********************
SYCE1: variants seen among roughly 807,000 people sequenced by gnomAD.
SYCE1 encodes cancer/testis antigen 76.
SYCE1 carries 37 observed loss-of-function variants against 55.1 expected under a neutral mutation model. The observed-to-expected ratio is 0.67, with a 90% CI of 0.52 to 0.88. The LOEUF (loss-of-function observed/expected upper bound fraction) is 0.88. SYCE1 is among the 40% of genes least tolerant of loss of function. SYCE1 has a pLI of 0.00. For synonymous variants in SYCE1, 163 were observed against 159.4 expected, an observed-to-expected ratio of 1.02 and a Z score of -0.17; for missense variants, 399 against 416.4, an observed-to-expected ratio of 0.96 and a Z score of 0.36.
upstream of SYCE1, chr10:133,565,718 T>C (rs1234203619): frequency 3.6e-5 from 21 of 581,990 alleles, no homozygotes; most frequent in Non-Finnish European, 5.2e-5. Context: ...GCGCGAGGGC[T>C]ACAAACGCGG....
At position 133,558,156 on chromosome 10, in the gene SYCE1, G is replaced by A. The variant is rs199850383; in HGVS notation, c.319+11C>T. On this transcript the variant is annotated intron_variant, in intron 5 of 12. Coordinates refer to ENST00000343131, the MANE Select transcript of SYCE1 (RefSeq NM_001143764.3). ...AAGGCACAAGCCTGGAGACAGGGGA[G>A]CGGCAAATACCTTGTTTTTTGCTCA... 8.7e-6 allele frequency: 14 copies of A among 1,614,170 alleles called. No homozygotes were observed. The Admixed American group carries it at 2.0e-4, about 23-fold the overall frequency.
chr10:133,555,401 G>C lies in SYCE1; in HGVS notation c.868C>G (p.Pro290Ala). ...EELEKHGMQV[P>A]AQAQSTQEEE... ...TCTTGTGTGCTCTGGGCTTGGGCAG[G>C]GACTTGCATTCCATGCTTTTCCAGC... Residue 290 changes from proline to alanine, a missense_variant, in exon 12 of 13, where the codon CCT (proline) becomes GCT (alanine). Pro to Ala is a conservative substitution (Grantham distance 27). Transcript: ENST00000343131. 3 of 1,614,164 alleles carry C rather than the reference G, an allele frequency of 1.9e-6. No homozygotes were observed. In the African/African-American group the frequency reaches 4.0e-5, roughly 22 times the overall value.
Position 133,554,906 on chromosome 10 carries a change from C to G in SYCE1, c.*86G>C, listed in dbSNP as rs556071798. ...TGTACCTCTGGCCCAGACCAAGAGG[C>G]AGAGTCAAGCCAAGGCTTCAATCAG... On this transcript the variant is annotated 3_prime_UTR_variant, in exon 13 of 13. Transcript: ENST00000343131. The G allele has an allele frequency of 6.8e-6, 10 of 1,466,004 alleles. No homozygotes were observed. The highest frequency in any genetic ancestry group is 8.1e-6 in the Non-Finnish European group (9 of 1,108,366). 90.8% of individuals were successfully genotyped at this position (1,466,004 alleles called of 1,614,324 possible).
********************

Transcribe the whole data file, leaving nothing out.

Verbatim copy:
SYCE1: variants seen among roughly 807,000 people sequenced by gnomAD.
SYCE1 encodes cancer/testis antigen 76.
SYCE1 carries 37 observed loss-of-function variants against 55.1 expected under a neutral mutation model. The observed-to-expected ratio is 0.67, with a 90% CI of 0.52 to 0.88. The LOEUF (loss-of-function observed/expected upper bound fraction) is 0.88. SYCE1 is among the 40% of genes least tolerant of loss of function. SYCE1 has a pLI of 0.00. For synonymous variants in SYCE1, 163 were observed against 159.4 expected, an observed-to-expected ratio of 1.02 and a Z score of -0.17; for missense variants, 399 against 416.4, an observed-to-expected ratio of 0.96 and a Z score of 0.36.
upstream of SYCE1, chr10:133,565,718 T>C (rs1234203619): frequency 3.6e-5 from 21 of 581,990 alleles, no homozygotes; most frequent in Non-Finnish European, 5.2e-5. Context: ...GCGCGAGGGC[T>C]ACAAACGCGG....
At position 133,558,156 on chromosome 10, in the gene SYCE1, G is replaced by A. The variant is rs199850383; in HGVS notation, c.319+11C>T. On this transcript the variant is annotated intron_variant, in intron 5 of 12. Coordinates refer to ENST00000343131, the MANE Select transcript of SYCE1 (RefSeq NM_001143764.3). ...AAGGCACAAGCCTGGAGACAGGGGA[G>A]CGGCAAATACCTTGTTTTTTGCTCA... 8.7e-6 allele frequency: 14 copies of A among 1,614,170 alleles called. No homozygotes were observed. The Admixed American group carries it at 2.0e-4, about 23-fold the overall frequency.
chr10:133,555,401 G>C lies in SYCE1; in HGVS notation c.868C>G (p.Pro290Ala). ...EELEKHGMQV[P>A]AQAQSTQEEE... ...TCTTGTGTGCTCTGGGCTTGGGCAG[G>C]GACTTGCATTCCATGCTTTTCCAGC... Residue 290 changes from proline to alanine, a missense_variant, in exon 12 of 13, where the codon CCT (proline) becomes GCT (alanine). Pro to Ala is a conservative substitution (Grantham distance 27). Transcript: ENST00000343131. 3 of 1,614,164 alleles carry C rather than the reference G, an allele frequency of 1.9e-6. No homozygotes were observed. In the African/African-American group the frequency reaches 4.0e-5, roughly 22 times the overall value.
Position 133,554,906 on chromosome 10 carries a change from C to G in SYCE1, c.*86G>C, listed in dbSNP as rs556071798. ...TGTACCTCTGGCCCAGACCAAGAGG[C>G]AGAGTCAAGCCAAGGCTTCAATCAG... On this transcript the variant is annotated 3_prime_UTR_variant, in exon 13 of 13. Transcript: ENST00000343131. The G allele has an allele frequency of 6.8e-6, 10 of 1,466,004 alleles. No homozygotes were observed. The highest frequency in any genetic ancestry group is 8.1e-6 in the Non-Finnish European group (9 of 1,108,366). 90.8% of individuals were successfully genotyped at this position (1,466,004 alleles called of 1,614,324 possible).